WASHINGTON - The Municipal Securities Rulemaking Board has asked the Securities and Exchange Commission to delay by roughly six months, to July 1, 2009, the implementation of the proposed continuing disclosure component of EMMA so that muni issuers and others will have more time to familiarize themselves with it through a pilot system.

The board also asked the commission to push back until Jan. 1, 2010, the date when muni issuers and others will be required to submit documents in word-searchable PDF files to the continuing disclosure system. Though all filings to the system must be PDFs, the original proposal did not require that they be word searchable until the first calendar quarter at least nine months after the SEC approved changes to its Rule 15c2-12 on disclosure.

Both changes were spurred by market participants who pressed the board for additional time.

Specifically, the board would like muni issuers and others to have until the later of either July 1, 2009, or when changes to 15c2-12 become effective, before the use of EMMA, the Electronic Municipal Market Access system, becomes mandatory. The proposed changes to 15c2-12 would designate EMMA as the sole centralized repository for secondary market disclosure documents, effectively replacing the four existing nationally recognized municipal securities information repositories, or NRMSIRs.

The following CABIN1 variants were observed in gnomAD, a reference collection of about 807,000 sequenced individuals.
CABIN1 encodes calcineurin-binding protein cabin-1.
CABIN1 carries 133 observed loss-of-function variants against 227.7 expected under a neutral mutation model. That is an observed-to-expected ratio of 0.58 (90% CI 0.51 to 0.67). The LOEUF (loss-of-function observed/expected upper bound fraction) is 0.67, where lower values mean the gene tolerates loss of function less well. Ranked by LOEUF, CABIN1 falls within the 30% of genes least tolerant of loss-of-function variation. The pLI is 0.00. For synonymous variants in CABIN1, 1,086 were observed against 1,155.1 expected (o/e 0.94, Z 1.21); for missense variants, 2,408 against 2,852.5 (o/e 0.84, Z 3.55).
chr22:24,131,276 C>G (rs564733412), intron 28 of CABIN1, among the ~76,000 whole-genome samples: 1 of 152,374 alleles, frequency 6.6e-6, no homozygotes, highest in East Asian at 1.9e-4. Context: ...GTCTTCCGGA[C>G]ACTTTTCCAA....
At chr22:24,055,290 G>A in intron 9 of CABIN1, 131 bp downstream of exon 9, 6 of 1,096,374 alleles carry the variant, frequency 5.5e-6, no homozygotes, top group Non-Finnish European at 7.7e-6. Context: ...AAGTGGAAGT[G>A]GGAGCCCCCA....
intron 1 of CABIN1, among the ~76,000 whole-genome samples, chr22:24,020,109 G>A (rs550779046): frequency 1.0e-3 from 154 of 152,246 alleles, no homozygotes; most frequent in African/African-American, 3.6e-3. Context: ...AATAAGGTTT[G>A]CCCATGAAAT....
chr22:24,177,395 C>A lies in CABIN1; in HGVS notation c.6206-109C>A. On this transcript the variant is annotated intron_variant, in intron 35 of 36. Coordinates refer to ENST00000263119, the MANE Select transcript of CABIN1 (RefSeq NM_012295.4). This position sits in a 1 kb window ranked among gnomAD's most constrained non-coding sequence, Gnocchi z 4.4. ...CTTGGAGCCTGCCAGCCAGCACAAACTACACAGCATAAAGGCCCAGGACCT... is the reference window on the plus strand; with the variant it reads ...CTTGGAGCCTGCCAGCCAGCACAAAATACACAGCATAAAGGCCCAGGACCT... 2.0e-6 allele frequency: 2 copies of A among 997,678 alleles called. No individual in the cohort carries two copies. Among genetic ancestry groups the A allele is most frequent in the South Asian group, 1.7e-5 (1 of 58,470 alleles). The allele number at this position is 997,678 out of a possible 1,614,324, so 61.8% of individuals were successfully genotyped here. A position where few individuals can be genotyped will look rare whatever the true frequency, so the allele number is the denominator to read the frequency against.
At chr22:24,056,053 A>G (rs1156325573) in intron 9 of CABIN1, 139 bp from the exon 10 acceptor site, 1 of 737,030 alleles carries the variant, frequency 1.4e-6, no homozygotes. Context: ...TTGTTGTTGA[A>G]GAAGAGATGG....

The board made its requests in the form of amendments sent to the SEC late Wednesday. The amendments would modify the filing the MSRB made to the commission in July to establish the continuing disclosure component of EMMA.

The MSRB must next file a request with the SEC to establish a pilot continuing disclosure system for EMMA, which would be launched in late winter or early spring. Currently, EMMA is functioning in a pilot format but only for primary market disclosure documents and trade data.

Ultimately, the system will also warehouse secondary market disclosures, as well as data and documents collected through a transparency system for variable-rate demand obligations and auction-rate securities that the board plans to launch in three phases beginning next year.

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